News story

New government measures to end FGM

This news article was published under the 2010 to 2015 Conservative and Liberal Democrat coalition government

A government declaration to end FGM in the UK and around the world marked International Day of Zero Tolerance to Female Genital Mutilation.

Ministers from across government have signed-up to the FGM declaration to stop the practice of Female Genital Mutilation.

Practical steps mean that for the first time ever, it will be mandatory for all NHS acute hospitals to provide information on patients who have undergone female genital mutilation (FGM). This will be recorded centrally, helping to provide more information on the incidence and prevalence of FGM than ever before.

In addition, following the Home Office’s successful bid for funding from the European Commission, a new £100,000 FGM Community Engagement Initiative launches today. Charities can bid for up to £10,000 to carry out community engagement work aimed at raising awareness of FGM.

The government has also appointed a consortium of leading anti-FGM campaigners to deliver a global campaign to end FGM.

Declaration to end FGM

Today (Thursday 6 February), government ministers met with charities and stakeholders at a roundtable to discuss future work to end FGM and sign a declaration of their ongoing commitment.

FGM roundtable
Government ministers Lynne Featherstone (DfID), Norman Baker (Home Office), Jane Ellison (Department of Health) and Oliver Heald (solicitor general) listen to views at the FGM roundtable.

Crime Prevention Minister Norman Baker said:

There is no justification whatsoever for Female Genital Mutilation – it is child abuse and it is illegal.

I am determined we do all we can to bring perpetrators to justice. The law in this country applies to absolutely everyone and political or cultural sensitivities must not get in the way of preventing, uncovering and prosecuting those who instigate and carry out FGM.

We have launched a new FGM Community Engagement Initiative, we are continuing our work with the Director of Public Prosecutions to help secure convictions and we are part-funding a study into the prevalence of FGM in the UK.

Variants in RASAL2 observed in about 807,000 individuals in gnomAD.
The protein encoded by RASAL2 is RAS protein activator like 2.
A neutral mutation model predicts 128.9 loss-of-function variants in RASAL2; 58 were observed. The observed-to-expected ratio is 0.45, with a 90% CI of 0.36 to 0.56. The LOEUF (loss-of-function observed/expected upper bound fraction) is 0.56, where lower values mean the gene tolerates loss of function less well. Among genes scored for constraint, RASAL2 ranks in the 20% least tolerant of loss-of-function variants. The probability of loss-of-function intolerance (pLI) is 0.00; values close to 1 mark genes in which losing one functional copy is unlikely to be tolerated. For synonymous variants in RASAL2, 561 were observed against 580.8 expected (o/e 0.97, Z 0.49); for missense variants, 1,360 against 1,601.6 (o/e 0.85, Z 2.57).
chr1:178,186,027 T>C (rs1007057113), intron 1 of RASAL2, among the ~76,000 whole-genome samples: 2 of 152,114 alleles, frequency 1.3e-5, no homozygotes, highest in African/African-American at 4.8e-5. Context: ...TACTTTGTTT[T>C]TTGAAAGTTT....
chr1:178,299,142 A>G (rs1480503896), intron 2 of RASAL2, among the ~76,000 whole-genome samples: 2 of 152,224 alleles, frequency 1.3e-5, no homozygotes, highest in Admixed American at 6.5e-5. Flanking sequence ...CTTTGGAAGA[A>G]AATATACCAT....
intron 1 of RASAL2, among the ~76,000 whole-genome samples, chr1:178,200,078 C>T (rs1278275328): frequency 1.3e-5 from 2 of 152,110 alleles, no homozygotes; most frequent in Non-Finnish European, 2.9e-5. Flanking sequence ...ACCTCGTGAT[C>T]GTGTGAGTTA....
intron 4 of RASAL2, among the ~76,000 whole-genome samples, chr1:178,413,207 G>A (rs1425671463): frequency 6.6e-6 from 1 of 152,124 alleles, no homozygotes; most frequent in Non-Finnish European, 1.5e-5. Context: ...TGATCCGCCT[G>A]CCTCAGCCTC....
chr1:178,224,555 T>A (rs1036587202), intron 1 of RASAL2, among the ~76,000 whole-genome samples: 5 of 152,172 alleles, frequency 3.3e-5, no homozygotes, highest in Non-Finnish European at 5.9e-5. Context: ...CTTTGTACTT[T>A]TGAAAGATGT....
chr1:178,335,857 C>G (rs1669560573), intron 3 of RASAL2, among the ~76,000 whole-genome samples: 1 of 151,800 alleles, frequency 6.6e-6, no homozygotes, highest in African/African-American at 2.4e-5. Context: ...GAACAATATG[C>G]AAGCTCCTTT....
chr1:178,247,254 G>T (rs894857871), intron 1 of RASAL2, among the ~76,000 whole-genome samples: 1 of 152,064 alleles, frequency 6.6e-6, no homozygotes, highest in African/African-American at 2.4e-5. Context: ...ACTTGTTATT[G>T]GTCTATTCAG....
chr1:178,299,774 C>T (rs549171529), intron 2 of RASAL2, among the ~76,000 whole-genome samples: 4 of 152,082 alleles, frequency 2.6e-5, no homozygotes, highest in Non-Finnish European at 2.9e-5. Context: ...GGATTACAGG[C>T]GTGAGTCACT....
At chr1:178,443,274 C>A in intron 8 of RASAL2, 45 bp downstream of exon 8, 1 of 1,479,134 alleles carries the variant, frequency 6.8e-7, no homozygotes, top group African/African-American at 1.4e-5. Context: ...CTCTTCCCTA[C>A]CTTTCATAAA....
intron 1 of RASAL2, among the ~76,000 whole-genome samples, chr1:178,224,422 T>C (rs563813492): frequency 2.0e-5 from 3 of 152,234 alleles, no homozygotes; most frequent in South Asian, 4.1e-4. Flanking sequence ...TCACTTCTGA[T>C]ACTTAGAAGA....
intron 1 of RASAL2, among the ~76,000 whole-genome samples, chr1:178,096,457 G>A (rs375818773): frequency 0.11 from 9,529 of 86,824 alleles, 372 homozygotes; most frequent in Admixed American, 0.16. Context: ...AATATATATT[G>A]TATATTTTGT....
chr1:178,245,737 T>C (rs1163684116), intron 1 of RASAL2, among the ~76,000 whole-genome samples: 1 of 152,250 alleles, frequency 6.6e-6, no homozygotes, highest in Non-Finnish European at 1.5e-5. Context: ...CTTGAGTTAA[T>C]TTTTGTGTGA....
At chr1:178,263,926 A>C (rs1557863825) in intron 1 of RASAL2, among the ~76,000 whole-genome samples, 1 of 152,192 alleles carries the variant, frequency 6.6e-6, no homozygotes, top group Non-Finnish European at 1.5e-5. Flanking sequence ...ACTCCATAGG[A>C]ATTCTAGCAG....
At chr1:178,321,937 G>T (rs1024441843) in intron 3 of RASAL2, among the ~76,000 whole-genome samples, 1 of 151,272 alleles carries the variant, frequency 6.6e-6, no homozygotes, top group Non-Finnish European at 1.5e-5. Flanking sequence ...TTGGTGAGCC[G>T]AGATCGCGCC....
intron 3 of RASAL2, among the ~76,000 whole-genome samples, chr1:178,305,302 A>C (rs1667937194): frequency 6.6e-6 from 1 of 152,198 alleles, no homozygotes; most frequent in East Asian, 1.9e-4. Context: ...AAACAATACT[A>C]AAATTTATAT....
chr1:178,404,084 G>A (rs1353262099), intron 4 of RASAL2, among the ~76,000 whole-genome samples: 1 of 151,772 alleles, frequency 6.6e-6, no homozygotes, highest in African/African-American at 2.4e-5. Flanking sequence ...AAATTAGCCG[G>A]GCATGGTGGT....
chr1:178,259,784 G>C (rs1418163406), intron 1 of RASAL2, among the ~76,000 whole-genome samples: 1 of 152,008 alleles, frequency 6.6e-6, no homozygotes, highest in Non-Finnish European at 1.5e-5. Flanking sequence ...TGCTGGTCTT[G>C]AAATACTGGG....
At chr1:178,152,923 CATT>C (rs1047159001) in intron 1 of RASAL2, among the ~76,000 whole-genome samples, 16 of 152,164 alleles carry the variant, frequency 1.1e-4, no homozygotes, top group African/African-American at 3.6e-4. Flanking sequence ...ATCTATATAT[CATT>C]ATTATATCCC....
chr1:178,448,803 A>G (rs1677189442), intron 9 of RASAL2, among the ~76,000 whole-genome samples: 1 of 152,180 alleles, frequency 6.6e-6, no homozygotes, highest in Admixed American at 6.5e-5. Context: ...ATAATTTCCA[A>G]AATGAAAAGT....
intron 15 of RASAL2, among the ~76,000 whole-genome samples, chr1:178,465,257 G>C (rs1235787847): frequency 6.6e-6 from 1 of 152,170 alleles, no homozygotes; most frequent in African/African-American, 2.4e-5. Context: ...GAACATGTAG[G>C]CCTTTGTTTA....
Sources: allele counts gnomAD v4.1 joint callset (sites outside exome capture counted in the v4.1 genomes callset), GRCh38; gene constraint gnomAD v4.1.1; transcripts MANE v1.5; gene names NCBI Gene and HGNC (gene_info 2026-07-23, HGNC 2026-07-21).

Today, I am chairing a cross government ministerial roundtable to discuss our work to end FGM and reaffirm our commitment to protecting the current and future generations of girls from this abuse.

NHS action

From April this year NHS hospitals will be required to record:

  • if a patient has had FGM

  • if there is a family history of FGM

  • if an FGM-related procedure has been carried out on a women - (deinfibulation)

By September this year, all acute hospitals must report this data centrally to the Department of Health on a monthly basis. This is the first stage of a wider ranging programme of work in development to improve the way in which the NHS will respond to the health needs of girls and women who have suffered FGM and actively support prevention.

Public Health Minister Jane Ellison said:

Female Genital Mutilation is an abhorrent practice that has no place in this – or any other – society.

In order to combat it and ensure we can care properly for the girls and women who have undergone mutilation we need to build a more accurate nationwide picture of the challenge. This is the first step towards doing that.

Work overseas

The consortium of leading anti-FGM campaigners set up by the government will support the growing movement within Africa to end FGM with the Department for International Development taking a lead role.

International Development Minister Lynne Featherstone said:

We will not see an end to FGM in the UK unless the practice is eliminated worldwide. This will take a grassroots movement across Africa that can change attitudes and help communities see FGM for what it is: child abuse.

This campaign will unite activists across Africa with UK diaspora communities and charities, raising awareness of the pain and suffering FGM causes and showing that we can end the practice.

The consortium will work across Africa to bring about a transformation in attitudes towards FGM by:

  • Working with diaspora communities within the UK to help them use their skills and resources to support efforts to end FGM in their countries of origin.

  • Bringing together key leaders and organisations across Africa as part of a global movement to end FGM.

  • Promoting increased political will and funding in affected countries to tackle FGM.

  • Supporting a network of grassroots activists across Africa to speak out for change and supporting communities who are already working to end the practice.

  • Strengthening and supporting national coalitions against FGM within 10 focal countries, providing them with expertise needed to bring about change.

An external tender for a new FGM e-learning package will also launch shortly. Once developed this will be a free resource for professionals such as teachers, nurses, police and border force staff to use to increase their awareness of this illegal practice.